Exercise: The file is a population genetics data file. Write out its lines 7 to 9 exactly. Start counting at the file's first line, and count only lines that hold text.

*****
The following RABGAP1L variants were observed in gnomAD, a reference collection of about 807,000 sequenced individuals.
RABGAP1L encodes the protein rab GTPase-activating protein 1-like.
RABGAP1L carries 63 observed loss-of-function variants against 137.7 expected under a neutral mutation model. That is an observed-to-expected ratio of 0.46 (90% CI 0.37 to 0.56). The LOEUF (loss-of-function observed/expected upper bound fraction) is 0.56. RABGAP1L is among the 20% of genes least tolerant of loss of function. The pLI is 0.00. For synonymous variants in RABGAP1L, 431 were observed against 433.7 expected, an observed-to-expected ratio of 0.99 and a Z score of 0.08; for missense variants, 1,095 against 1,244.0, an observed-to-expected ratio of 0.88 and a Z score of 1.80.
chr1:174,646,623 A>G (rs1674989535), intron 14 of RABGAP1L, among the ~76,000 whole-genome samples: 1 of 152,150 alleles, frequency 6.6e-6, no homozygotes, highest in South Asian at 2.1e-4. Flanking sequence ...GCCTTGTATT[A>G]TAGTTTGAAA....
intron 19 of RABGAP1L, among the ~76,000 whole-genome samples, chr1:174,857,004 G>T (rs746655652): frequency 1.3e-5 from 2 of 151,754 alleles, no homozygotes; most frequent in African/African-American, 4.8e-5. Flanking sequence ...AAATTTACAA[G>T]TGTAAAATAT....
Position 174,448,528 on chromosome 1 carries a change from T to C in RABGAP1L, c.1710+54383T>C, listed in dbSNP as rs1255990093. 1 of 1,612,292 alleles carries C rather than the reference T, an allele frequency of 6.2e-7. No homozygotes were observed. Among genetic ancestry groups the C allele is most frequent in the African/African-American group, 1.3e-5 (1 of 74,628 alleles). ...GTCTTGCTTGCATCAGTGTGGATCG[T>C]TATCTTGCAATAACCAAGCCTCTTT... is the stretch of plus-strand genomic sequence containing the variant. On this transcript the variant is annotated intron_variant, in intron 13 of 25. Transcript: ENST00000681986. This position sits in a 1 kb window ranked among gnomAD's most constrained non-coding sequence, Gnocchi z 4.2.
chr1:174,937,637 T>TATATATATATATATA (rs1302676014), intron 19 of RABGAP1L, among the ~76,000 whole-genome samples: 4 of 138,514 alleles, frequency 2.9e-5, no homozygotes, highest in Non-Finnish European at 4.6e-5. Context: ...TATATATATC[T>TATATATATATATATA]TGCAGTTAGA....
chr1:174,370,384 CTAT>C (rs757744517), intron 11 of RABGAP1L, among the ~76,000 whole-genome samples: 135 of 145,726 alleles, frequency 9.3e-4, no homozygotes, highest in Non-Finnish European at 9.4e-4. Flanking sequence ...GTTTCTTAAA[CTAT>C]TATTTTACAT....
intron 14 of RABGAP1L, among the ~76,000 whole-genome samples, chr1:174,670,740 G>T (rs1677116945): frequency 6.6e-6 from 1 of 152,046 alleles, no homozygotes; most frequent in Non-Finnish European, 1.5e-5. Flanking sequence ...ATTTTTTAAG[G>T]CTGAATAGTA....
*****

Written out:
chr1:174,937,637 T>TATATATATATATATA (rs1302676014), intron 19 of RABGAP1L, among the ~76,000 whole-genome samples: 4 of 138,514 alleles, frequency 2.9e-5, no homozygotes, highest in Non-Finnish European at 4.6e-5. Context: ...TATATATATC[T>TATATATATATATATA]TGCAGTTAGA....
chr1:174,370,384 CTAT>C (rs757744517), intron 11 of RABGAP1L, among the ~76,000 whole-genome samples: 135 of 145,726 alleles, frequency 9.3e-4, no homozygotes, highest in Non-Finnish European at 9.4e-4. Flanking sequence ...GTTTCTTAAA[CTAT>C]TATTTTACAT....
intron 14 of RABGAP1L, among the ~76,000 whole-genome samples, chr1:174,670,740 G>T (rs1677116945): frequency 6.6e-6 from 1 of 152,046 alleles, no homozygotes; most frequent in Non-Finnish European, 1.5e-5. Flanking sequence ...ATTTTTTAAG[G>T]CTGAATAGTA....